Picture map of Europe with pins indicating European capital cities

Open Access research with a European policy impact...

The Strathprints institutional repository is a digital archive of University of Strathclyde's Open Access research outputs. Strathprints provides access to thousands of Open Access research papers by Strathclyde researchers, including by researchers from the European Policies Research Centre (EPRC).

EPRC is a leading institute in Europe for comparative research on public policy, with a particular focus on regional development policies. Spanning 30 European countries, EPRC research programmes have a strong emphasis on applied research and knowledge exchange, including the provision of policy advice to EU institutions and national and sub-national government authorities throughout Europe.

Explore research outputs by the European Policies Research Centre...

A critical review of the drag force on a sphere in the transition flow regime

Bailey, C.L. and Barber, Robert W. and Emerson, David and Lockerby, Duncan A. and Reese, Jason (2004) A critical review of the drag force on a sphere in the transition flow regime. In: Rarefied Gas Dynamics. AIP Conference Proceedings, 762 . American Institute of Physics, pp. 743-748. ISBN 0-7354-0247-7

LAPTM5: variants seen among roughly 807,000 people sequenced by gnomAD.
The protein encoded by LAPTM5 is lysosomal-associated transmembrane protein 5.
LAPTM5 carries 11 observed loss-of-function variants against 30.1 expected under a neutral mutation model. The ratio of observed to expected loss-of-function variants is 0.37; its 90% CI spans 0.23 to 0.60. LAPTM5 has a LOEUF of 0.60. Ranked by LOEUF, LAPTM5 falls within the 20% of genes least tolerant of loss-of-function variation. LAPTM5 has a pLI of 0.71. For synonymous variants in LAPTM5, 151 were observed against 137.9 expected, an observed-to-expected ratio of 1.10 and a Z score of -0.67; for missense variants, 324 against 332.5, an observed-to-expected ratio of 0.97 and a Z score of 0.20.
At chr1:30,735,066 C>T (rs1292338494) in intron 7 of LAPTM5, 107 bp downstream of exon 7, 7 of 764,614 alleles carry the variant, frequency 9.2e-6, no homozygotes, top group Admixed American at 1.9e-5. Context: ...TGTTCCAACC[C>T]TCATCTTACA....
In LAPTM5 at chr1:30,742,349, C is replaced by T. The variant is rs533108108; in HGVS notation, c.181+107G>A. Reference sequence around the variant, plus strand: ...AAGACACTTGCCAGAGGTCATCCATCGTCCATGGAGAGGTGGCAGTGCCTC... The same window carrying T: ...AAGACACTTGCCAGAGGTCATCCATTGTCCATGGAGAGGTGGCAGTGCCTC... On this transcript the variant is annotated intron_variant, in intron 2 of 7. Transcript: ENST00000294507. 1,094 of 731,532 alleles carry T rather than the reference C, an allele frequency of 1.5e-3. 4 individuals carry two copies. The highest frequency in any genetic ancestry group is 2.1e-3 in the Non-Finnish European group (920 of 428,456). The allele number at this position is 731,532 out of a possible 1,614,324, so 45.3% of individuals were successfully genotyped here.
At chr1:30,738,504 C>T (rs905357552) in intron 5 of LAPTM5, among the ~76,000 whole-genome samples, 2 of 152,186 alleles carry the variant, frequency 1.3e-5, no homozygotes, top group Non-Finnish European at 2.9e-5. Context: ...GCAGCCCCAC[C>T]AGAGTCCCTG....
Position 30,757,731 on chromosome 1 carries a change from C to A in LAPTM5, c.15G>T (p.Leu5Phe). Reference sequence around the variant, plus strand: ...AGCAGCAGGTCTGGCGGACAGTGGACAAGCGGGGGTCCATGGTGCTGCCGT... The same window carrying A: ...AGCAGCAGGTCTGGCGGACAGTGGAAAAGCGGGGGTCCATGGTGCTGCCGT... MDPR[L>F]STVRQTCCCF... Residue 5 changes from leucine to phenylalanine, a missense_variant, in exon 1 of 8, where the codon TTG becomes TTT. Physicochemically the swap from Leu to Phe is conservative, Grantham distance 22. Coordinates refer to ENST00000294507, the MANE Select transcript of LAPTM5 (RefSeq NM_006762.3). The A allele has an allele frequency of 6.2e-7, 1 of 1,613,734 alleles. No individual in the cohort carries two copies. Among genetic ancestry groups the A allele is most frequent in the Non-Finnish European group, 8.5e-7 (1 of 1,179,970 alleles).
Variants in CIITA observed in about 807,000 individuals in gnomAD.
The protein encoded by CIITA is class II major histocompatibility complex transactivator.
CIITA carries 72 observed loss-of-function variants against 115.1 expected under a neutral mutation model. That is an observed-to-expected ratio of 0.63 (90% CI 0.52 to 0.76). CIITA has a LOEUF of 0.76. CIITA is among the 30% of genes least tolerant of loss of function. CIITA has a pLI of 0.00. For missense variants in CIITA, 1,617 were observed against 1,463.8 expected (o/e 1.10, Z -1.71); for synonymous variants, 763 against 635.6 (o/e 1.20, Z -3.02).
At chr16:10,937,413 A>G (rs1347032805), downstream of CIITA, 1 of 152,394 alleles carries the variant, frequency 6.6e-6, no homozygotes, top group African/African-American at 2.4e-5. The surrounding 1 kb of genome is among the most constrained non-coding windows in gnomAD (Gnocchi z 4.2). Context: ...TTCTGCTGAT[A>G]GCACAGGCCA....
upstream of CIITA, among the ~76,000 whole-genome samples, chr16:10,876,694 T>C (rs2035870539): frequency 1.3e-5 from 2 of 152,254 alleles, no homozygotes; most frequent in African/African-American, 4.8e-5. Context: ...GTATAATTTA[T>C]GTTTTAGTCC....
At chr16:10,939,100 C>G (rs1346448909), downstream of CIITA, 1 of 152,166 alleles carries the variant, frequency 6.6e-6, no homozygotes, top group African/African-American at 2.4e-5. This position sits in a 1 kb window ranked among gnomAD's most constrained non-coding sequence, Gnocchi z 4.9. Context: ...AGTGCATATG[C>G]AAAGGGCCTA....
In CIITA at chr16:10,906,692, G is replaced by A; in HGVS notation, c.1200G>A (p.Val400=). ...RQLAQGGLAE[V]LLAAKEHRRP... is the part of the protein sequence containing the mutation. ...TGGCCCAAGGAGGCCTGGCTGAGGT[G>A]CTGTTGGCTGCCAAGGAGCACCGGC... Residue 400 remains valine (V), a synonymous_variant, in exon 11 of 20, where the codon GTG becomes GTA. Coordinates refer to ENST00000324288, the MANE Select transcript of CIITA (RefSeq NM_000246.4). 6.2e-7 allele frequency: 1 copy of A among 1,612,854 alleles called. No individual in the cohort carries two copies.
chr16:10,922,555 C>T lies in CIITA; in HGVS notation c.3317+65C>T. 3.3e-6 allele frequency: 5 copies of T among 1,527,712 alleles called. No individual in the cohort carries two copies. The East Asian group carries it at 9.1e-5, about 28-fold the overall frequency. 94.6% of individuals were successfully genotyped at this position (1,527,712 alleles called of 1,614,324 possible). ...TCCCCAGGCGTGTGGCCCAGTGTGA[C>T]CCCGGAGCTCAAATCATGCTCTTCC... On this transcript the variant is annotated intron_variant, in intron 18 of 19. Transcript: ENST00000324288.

Full text not available in this repository. Request a copy from the Strathclyde author

Abstract

Improvements in micro-fabrication techniques are enabling Micro-Electro-Mechanical-Systems to be constructed with sub-micron feature sizes. At this scale, even at standard atmospheric conditions, the flow is in the transition regime. This paper considers the range 0.1 < Kn < 1, where non-equilibrium effects can be appreciable, and specifically illustrates problems involving non-planar surfaces by analyzing the drag force for low speed, incompressible flow past an unconfined microsphere. A critical comparison is made between experimental data, analytical solutions derived from kinetic theory, Grad's thirteen-moment equations, and the Navier-Stokes equations with first- and second-order treatment of the slip boundary. The results, even for this simple geometry, highlight major problems in predicting the drag in the transition flow regime for non-kinetic schemes.